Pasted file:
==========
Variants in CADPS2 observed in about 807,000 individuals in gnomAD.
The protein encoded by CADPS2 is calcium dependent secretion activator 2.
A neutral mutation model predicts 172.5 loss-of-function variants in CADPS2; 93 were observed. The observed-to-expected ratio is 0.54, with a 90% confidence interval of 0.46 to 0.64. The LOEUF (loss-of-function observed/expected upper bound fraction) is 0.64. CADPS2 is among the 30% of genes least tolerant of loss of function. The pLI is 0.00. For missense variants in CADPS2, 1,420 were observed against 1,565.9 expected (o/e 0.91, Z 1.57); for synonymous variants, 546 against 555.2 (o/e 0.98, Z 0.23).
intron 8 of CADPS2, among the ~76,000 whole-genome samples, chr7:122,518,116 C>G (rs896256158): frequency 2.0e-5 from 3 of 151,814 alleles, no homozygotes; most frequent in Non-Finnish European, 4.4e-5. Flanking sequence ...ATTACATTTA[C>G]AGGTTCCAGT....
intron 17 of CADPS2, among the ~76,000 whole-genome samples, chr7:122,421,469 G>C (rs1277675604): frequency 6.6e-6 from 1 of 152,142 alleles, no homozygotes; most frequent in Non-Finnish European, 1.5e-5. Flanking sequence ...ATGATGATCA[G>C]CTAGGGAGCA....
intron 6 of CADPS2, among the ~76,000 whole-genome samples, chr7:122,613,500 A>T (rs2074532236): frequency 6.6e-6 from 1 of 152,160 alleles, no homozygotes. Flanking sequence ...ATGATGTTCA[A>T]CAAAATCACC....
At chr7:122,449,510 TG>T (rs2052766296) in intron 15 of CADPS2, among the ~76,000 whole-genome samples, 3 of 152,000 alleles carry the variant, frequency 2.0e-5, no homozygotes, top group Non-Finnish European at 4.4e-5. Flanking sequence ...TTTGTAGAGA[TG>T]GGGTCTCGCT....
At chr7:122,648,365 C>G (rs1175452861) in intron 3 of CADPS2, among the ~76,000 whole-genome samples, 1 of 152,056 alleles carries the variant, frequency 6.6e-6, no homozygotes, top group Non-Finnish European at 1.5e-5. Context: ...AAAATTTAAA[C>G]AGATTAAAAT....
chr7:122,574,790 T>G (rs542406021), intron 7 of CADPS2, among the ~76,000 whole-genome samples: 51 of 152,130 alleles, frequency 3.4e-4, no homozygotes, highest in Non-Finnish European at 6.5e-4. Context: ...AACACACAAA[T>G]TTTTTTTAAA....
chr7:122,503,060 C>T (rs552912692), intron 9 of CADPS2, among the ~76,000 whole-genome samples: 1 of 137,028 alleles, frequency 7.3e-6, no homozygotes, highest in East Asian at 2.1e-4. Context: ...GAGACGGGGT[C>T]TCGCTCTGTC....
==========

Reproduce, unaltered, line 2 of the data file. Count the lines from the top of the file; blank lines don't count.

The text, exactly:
The protein encoded by CADPS2 is calcium dependent secretion activator 2.